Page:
ufacture of cotton, wool, flour, &c.—
The town contains 9 Aerobes, 3 print
ing offices, 3 banks, 3 savings banks, 1
•cetton and woollen factor y, 30 tobacco
factories, 4 brass and iron foundries,
and 'l5O stores, iti:'which 'the • atm:tall.
sales exceed §2,000,00. Capital em
ployed in 1851 in manufactures, 8725.-
000. The town was founded id 1788,
and incorporated in 1805. In 1848, it,
contained 7,678 inhabitants. Topula
in 1853, about 10,000.
Greensboro, a flourishing pest-vil
lage, capital of Guilford county; North
Carolina, on the Central Railroad, 86
miles W. N. W. of Raleigh. The
ation is healthy, and the surrounding=
country is fertile. Many of the'boUses
are of wood, rind others are built of
brick. It is a place of considerable
activity in trade, and is the seat of ex
cellent institutions for learning, among
which are several' academies. It also
contains two' banks, one or two news
paper offices, and a number of manu
Weldon, a thriving post-village of
„Halifitx county, N. C,; on the right
bank of the 'Roanoke river, at the
head of steamboat navigation, 95 miles.
northeast of Raleigh. Four railroads'
meet here, viz.: . the Wilmington and.
Raleigh, the Seaboard 'and; Roanoke,:
the Gaston 'and Raleigh, and the •Pe
tersburg Railroad. Two newspapers.
are published: A canal has been made ,
around' the fails, by which batteaux:
can ascend to Danville. •
Affairs Beyond the Potoma6.
[Correvondenee of the X.l. Tribune.)
WASIIINGTOX, Oct. 4.—Our troops
ate breakfast this morning at rollick
Church, 'sixteen miles beyond Alexan
dria, on the Fairfax,road-100 of, them
—lOO New York Sixteenth•, under
Captain Palmer, 75 New York Twen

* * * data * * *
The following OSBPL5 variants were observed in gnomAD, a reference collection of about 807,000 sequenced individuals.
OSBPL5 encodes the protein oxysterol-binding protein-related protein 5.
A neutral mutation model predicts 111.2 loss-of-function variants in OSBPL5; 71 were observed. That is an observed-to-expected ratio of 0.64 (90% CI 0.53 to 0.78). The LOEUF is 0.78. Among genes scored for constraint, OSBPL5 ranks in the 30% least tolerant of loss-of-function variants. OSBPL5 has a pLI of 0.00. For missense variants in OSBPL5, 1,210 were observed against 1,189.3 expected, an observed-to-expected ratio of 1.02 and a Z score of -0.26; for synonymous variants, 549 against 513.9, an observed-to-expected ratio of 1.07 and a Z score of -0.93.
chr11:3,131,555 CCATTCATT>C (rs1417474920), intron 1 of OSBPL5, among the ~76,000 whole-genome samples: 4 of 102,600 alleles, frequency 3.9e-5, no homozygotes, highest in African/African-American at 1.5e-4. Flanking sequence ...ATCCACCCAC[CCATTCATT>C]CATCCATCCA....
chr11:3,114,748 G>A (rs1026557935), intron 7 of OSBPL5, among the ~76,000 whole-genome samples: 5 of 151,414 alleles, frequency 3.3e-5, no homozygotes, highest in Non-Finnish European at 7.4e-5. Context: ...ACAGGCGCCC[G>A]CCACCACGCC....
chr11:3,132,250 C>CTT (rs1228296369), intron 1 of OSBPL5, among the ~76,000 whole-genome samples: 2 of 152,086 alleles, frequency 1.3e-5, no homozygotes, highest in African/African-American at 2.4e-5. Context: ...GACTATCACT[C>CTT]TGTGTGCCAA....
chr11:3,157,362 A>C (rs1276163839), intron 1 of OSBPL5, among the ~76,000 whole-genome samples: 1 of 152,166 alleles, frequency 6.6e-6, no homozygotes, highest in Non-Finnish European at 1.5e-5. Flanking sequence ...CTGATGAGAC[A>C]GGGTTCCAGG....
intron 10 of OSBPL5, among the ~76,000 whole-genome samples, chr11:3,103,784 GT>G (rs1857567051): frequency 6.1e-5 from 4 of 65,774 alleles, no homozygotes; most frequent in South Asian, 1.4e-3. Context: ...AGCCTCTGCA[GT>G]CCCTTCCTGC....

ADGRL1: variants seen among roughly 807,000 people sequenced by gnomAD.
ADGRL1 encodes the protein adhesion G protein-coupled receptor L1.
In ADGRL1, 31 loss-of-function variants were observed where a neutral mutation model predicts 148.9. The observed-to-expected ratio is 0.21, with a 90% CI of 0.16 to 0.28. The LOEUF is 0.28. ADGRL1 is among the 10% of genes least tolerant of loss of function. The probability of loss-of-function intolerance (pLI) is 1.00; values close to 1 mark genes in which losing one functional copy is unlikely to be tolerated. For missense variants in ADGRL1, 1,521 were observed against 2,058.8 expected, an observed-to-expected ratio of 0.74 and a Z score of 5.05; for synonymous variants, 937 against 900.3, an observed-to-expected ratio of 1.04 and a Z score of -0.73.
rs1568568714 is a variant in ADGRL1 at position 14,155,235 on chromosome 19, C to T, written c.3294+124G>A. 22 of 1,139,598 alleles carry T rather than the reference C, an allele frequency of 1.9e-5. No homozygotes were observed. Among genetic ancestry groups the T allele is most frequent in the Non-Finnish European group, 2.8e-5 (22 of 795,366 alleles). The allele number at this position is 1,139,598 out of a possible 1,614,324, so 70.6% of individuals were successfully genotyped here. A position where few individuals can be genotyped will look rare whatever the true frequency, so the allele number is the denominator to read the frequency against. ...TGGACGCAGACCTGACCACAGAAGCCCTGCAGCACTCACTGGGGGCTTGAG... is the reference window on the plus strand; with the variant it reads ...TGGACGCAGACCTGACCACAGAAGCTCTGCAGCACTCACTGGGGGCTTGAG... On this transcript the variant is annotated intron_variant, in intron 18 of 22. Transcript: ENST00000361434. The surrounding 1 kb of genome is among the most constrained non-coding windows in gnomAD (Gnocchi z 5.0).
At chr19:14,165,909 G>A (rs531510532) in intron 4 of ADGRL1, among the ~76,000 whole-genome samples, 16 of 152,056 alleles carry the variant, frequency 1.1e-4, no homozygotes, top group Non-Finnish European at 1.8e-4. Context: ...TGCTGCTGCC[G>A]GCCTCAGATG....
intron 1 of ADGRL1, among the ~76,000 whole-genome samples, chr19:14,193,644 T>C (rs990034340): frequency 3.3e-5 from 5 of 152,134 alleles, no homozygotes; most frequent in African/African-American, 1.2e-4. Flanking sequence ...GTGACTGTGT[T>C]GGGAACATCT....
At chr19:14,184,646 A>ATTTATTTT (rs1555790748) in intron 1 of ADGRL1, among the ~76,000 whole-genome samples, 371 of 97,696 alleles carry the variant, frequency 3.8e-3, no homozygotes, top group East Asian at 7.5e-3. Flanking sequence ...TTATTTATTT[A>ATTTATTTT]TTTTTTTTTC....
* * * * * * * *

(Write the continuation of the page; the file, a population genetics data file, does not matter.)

ty-sixth, under Captain• Arrowsmith,
75 New York Twenty-seventh, under
Captain say, 75 Kentucky Cavalry,
under Woodburn, and 75 Fifth Maine.
They went to break up a nest of 150
rebel cavalry, who 'were plundering,
the Union farmers of the district, and
turning them out 2g their homes. The
rascals, apprised of the expedition, got
into their saddles at day-break, just in
time to receive the fire of our head.
The wounded fell in numbers, but
were thrown on to their horses and
carried off, or hastily taken into the
woods. The church was used as a bar
rack, the beds on the floor being yet
warm. There was joy in Aecotiuk
over our four hundred, for the rebels
had harried them mercilessly for weeks.
From the church, for many miles west,
north and south, a reconnoissance was
made, which showed that there were
no large bodies of troops this side Oc
coqu an. The reconnoissnnee was push
ed about nine miles further into Vir
ginia, in this direction, than any made
since Bull Bun.
A despatch from Gen. McDowell,
this evening. to G6ii:
that Lieut. A. J. Ziegler, of Stewart's
Cavalry Regiment, rebel, hag just been
captured by the pickets of the New
York Thirtyfifth. He gives but little
information, but says that Jeff. Davis,
Bea u regard, ,Tqli nston and G. W. Smith,
late Street Commissioner of New York,
now a General in the rebel service,
were at Fairfitx Court House yester